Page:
The San Diego Union-Tribune said City Attorney Michael Aguirre lost his re-election bid by a resounding margin – in part because he could not snap a string of pension-related defeats in court. Aguirre told the newspaper it would have been “advantangeous” if a tentative ruling by a state judge that appeared to hand Aguirre his first legal victory in the matter had come before his Election Day defeat.
He repeated his hope that the San Diego City Council and his successor, Jan Goldsmith, would consider continuing all aspects of his legal challenge of $900 million of pension benefits he believes were granted illegally.
“It’s what I hope will be the first of several that will roll back the benefits,” Aguirre told the newspaper. “If you misprice the benefits, you can’t make the city pay for it. That was something the board did. The city and the taxpayers shouldn’t have to make up for that.”
San Diego Superior Court Judge William Nevitt Jr. said on Monday that he was ready to set aside a November 2007 pension board vote that caused San Diego to cover the costs of a particular benefit shortfall with annual city contributions to the pension system. “It was unlawful to charge the entire ‘shortfall’ to the city,” Nevitt wrote, according to the Union-Tribune. A final ruling from the judge is expected this week.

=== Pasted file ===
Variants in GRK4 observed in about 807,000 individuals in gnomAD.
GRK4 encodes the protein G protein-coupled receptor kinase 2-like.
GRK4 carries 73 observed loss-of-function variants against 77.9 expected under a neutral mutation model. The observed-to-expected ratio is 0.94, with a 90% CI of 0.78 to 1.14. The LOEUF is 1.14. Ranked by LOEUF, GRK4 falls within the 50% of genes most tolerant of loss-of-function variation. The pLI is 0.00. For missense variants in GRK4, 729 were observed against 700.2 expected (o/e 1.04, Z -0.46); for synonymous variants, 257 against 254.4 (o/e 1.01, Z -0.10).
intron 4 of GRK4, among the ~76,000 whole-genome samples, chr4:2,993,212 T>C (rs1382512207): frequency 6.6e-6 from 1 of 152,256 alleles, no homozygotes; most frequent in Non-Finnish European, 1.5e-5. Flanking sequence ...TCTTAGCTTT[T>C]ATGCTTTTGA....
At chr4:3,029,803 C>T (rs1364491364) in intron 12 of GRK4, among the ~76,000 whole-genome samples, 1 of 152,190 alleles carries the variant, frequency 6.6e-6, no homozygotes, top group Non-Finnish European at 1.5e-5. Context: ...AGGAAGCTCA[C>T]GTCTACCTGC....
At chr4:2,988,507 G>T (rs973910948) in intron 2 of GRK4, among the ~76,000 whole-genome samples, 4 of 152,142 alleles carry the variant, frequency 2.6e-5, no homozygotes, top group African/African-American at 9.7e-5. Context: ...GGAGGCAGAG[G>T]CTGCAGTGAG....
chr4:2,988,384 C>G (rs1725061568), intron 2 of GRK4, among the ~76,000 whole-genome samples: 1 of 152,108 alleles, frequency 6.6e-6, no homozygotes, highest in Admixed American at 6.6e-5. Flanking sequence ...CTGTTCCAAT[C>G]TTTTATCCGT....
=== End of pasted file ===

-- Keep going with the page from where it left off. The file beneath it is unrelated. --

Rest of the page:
If the judge maintains his initial ruling, the system will not be able to keep billing the city for thousands of years of service that employees purchased at a deep discount in 2003 to inflate their pensions, Aguirre said.
The shortfall, pegged by pension officials at up to $40 million, is the difference between what employees paid to purchase service credits and what it will cost to pay the pensions of those employees once they retire, the newspaper said.
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